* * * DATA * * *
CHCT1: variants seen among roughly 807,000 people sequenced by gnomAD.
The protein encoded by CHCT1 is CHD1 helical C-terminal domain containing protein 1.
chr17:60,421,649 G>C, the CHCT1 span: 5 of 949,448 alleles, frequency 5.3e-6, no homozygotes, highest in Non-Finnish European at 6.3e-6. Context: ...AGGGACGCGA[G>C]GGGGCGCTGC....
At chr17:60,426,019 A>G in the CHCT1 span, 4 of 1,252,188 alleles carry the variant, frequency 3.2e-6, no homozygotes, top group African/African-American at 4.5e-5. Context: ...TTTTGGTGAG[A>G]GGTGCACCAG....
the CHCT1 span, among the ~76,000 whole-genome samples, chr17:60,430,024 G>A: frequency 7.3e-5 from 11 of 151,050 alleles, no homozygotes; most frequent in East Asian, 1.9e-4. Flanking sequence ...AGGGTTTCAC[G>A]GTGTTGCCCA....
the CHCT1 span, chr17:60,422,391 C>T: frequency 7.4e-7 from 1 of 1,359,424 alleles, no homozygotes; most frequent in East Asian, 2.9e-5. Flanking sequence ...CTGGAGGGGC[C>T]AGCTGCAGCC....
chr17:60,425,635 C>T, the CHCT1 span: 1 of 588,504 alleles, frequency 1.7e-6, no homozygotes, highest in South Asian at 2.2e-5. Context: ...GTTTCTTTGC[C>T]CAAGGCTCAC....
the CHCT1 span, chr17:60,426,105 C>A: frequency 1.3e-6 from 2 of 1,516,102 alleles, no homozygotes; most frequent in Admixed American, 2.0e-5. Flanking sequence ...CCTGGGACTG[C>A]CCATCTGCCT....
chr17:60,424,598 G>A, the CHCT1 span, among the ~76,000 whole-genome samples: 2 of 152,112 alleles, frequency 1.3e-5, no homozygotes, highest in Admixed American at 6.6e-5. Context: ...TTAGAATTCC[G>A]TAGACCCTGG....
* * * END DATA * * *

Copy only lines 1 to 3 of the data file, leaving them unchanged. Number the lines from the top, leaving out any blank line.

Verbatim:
CHCT1: variants seen among roughly 807,000 people sequenced by gnomAD.
The protein encoded by CHCT1 is CHD1 helical C-terminal domain containing protein 1.
chr17:60,421,649 G>C, the CHCT1 span: 5 of 949,448 alleles, frequency 5.3e-6, no homozygotes, highest in Non-Finnish European at 6.3e-6. Context: ...AGGGACGCGA[G>C]GGGGCGCTGC....